Feedforward Mitigation of Physiological Fear Response to a Visual and Auditory Startle Stimulus
Le Gros, Gabriel
Journal of Advanced Student Sciences (JASS)
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Feelings of fear serve to protect individuals from experiencing harm from their external environment. Physiological responses to fear include increased heart rate, increased respiration rate, and increased skin conductance. In this experiment, the feedforward response to fear was tested through the utilization of two videos which both included the same auditory and visual startle stimulus. The purpose of the experiment was to test whether the feedforward response mitigates the difference between the body’s baseline physiological measurements and the heightened fear response. Participants were given an expectation of fear for the first video, initiating a feedforward response. For the second video, participants were given the expectation of a neutral response; however, there was still a fear inducing image and sound. The difference in amplitude of measured physiological responses between prestartle to poststartle stimulus were compared to represent the mitigation effects of the feedforward response. The results of this study show that the feedforward response of fear expectancy increased heart rate, respiration rate, and skin conductance, allowing the body to prepare for an upcoming stimulus. However, no statistical significance was found between the difference in amplitude between the expectancy period and the postfear response period in heart rate, respiration rate, and skin conductance when comparing the first video to the second video.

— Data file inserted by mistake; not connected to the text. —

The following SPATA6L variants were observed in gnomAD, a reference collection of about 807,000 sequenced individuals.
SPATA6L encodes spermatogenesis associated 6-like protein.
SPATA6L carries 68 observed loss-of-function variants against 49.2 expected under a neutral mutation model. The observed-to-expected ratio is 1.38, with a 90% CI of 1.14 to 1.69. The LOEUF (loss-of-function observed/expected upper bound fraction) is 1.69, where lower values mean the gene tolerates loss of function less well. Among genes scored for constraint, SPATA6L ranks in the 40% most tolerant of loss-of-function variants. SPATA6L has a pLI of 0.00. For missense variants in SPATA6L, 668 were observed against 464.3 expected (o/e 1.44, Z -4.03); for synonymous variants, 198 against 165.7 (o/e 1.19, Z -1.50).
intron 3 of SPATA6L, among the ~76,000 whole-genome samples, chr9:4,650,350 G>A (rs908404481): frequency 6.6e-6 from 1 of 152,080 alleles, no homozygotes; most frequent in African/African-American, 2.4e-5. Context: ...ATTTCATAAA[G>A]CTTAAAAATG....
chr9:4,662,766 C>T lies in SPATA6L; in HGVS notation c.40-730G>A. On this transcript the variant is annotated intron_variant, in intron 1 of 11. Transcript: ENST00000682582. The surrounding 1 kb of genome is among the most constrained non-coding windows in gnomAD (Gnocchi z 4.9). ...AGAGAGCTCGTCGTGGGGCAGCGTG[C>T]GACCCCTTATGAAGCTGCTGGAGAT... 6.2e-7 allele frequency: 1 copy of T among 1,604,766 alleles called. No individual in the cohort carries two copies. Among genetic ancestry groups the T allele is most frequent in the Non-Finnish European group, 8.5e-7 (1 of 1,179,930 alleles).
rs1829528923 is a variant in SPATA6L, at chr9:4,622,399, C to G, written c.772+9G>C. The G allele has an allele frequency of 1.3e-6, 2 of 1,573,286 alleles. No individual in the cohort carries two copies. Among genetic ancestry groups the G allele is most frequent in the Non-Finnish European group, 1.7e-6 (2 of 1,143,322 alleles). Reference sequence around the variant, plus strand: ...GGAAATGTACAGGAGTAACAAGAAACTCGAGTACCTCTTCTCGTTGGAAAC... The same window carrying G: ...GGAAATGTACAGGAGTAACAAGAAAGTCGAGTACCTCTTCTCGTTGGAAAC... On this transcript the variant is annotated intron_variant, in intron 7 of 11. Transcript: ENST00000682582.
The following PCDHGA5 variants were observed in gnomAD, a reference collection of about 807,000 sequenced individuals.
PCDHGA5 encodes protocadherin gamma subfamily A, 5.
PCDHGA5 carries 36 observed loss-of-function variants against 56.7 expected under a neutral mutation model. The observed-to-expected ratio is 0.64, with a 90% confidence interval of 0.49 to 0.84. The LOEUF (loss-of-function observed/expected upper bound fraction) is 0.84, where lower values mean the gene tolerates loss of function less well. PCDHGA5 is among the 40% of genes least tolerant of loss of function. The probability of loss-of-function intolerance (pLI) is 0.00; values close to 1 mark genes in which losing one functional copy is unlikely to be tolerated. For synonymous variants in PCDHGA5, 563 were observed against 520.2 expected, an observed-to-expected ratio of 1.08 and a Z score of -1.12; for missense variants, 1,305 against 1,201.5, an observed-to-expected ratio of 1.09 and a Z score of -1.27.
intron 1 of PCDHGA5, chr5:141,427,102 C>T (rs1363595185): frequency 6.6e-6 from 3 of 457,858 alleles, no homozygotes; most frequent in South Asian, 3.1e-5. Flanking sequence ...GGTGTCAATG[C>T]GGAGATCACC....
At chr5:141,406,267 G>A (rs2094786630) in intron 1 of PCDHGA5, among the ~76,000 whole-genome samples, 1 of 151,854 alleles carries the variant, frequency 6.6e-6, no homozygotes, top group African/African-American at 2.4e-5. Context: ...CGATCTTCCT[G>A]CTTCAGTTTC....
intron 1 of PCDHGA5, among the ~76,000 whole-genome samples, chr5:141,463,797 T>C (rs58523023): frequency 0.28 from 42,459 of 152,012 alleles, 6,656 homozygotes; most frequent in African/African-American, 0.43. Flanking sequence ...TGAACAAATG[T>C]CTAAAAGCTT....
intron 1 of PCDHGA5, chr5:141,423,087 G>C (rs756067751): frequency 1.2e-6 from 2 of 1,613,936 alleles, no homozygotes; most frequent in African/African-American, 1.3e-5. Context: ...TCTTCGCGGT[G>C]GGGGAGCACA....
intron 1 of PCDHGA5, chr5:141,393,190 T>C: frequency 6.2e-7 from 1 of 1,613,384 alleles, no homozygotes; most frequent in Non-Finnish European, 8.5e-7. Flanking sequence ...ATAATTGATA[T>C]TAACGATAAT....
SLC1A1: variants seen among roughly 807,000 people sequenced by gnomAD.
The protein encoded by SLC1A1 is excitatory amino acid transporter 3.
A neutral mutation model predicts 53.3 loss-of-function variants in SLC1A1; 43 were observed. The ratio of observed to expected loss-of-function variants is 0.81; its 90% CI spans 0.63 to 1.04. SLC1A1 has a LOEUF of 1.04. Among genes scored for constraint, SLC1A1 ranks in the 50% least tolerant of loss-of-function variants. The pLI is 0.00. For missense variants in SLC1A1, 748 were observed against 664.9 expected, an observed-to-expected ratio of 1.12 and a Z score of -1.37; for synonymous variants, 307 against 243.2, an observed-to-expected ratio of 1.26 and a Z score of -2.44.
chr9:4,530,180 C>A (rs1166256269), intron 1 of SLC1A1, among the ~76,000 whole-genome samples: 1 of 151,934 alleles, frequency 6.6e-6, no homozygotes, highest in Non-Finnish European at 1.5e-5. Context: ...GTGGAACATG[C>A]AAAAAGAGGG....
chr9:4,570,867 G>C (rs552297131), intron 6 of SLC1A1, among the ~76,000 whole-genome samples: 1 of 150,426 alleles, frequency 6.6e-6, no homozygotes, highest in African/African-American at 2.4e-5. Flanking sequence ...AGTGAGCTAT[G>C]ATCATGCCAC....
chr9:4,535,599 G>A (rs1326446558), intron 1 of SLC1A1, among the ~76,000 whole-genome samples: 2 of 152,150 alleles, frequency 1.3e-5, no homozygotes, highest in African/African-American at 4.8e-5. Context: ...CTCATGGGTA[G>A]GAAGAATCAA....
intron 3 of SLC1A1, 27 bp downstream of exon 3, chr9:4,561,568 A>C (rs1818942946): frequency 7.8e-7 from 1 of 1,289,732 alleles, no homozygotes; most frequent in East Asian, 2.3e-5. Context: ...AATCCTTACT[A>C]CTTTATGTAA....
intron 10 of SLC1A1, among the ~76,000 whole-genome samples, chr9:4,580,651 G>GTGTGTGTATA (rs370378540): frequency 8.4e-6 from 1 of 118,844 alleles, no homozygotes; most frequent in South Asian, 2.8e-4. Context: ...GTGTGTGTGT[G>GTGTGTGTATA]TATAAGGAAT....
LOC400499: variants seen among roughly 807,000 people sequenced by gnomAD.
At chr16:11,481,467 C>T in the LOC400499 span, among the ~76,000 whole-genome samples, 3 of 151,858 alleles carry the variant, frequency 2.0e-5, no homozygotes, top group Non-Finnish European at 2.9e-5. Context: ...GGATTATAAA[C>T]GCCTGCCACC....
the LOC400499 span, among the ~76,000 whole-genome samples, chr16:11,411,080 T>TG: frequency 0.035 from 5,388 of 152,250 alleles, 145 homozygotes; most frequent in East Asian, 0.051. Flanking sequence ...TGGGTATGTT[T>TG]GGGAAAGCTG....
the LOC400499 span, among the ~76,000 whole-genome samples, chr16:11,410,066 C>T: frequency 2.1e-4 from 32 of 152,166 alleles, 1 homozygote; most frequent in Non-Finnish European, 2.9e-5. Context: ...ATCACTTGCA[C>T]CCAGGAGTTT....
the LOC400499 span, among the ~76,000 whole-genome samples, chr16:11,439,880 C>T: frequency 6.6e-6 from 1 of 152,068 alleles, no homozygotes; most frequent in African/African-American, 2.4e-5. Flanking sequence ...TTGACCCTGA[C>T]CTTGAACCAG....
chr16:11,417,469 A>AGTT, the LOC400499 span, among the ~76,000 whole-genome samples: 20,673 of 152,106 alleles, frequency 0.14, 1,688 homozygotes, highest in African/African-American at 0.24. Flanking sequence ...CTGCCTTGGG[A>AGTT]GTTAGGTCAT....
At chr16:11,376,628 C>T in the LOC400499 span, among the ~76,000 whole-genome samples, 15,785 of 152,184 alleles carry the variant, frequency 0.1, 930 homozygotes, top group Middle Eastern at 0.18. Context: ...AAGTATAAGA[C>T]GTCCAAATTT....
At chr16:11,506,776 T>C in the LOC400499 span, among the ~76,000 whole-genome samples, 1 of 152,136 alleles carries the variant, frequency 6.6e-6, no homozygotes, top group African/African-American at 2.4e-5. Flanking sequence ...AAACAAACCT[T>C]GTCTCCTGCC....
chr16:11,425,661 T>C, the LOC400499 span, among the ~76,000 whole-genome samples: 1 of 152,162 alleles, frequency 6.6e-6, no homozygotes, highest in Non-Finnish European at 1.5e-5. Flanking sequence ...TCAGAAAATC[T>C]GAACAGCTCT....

auditory and visual stimulus